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Journal of Obesity
Volume 2014 (2014), Article ID 287013, 5 pages
Research Article

Measuring Physical Inactivity: Do Current Measures Provide an Accurate View of “Sedentary” Video Game Time?

1Population Research and Outcome Studies, Department of Medicine, University of Adelaide, Level 3, 122 Frome Street, Adelaide, SA 5000, Australia
2Division of Health Sciences, University of South Australia, Adelaide, SA 5000, Australia

Received 17 February 2014; Accepted 22 May 2014; Published 4 June 2014

Academic Editor: Jordi Salas-Salvadó

Copyright © 2014 Simon Fullerton et al. This is an open access article distributed under the Creative Commons Attribution License, which permits unrestricted use, distribution, and reproduction in any medium, provided the original work is properly cited.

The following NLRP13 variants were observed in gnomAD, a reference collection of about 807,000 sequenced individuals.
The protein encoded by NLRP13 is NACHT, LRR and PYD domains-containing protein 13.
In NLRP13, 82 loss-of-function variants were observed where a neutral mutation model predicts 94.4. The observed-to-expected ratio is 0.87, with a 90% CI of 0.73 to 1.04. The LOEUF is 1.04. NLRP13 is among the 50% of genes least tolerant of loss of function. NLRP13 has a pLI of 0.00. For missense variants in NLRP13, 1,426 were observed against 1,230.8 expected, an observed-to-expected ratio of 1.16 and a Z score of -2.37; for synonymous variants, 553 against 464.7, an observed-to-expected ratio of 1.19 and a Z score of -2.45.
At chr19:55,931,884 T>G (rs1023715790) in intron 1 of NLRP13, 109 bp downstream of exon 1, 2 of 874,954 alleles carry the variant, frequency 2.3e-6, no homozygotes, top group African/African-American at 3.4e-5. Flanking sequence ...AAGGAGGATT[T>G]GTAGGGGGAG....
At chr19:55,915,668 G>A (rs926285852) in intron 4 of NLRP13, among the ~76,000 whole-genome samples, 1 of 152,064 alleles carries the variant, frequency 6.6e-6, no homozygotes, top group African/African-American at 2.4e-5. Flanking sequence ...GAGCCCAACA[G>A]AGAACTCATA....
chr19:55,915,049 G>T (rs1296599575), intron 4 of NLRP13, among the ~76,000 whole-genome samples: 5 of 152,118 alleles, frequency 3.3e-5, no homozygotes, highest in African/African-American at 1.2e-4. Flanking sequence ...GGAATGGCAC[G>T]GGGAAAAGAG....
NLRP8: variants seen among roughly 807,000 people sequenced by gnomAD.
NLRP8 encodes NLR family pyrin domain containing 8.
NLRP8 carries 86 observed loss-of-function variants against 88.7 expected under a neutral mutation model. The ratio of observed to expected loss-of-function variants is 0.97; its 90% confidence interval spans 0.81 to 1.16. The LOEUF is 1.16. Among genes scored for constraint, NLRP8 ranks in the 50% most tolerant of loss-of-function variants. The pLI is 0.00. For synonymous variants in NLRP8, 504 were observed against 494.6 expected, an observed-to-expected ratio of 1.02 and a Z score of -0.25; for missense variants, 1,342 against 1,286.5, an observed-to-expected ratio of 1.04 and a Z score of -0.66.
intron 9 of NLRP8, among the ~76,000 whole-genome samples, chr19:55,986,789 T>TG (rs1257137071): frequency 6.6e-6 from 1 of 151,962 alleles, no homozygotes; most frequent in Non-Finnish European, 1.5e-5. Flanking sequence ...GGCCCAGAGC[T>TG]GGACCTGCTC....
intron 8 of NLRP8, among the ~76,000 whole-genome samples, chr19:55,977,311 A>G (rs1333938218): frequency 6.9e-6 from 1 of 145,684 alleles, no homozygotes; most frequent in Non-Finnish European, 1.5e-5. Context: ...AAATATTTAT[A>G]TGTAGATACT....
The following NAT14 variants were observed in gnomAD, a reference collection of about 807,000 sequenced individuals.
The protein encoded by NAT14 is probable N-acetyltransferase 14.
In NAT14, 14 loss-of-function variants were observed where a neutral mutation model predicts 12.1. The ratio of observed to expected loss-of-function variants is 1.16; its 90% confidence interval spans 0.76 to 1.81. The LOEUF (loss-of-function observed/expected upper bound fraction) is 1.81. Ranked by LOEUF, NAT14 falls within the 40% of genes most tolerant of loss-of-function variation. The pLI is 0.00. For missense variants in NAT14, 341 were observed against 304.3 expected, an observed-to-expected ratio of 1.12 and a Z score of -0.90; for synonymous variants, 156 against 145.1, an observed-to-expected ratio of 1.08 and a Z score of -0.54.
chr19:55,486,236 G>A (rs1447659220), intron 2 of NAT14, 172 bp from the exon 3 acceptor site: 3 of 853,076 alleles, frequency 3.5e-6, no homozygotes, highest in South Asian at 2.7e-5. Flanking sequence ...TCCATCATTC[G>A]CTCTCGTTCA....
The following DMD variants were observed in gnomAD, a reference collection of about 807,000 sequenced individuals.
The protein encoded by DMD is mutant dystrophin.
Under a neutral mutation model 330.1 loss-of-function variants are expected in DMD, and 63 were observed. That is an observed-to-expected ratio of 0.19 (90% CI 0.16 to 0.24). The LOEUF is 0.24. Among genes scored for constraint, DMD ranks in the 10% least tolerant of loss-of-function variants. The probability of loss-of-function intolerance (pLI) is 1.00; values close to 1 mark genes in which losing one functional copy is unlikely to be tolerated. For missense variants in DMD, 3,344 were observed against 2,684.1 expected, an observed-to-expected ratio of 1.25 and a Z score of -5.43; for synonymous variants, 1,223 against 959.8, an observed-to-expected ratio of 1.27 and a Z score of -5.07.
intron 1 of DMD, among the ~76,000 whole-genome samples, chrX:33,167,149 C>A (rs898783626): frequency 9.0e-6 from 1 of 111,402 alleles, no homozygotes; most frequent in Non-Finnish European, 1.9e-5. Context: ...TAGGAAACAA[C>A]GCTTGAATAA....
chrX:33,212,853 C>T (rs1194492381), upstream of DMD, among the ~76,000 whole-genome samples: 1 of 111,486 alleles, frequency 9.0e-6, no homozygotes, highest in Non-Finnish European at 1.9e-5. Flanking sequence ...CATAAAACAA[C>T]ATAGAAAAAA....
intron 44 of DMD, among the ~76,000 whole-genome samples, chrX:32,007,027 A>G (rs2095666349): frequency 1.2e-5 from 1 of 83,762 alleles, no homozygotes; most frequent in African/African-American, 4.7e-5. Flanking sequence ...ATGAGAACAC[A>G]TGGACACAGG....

Background. Measures of screen time are often used to assess sedentary behaviour. Participation in activity-based video games (exergames) can contribute to estimates of screen time, as current practices of measuring it do not consider the growing evidence that playing exergames can provide light to moderate levels of physical activity. This study aimed to determine what proportion of time spent playing video games was actually spent playing exergames. Methods. Data were collected via a cross-sectional telephone survey in South Australia. Participants aged 18 years and above ( ) were asked about their video game habits, as well as demographic and socioeconomic factors. In cases where children were in the household, the video game habits of a randomly selected child were also questioned. Results. Overall, 31.3% of adults and 79.9% of children spend at least some time playing video games. Of these, 24.1% of adults and 42.1% of children play exergames, with these types of games accounting for a third of all time that adults spend playing video games and nearly 20% of children’s video game time. Conclusions. A substantial proportion of time that would usually be classified as “sedentary” may actually be spent participating in light to moderate physical activity.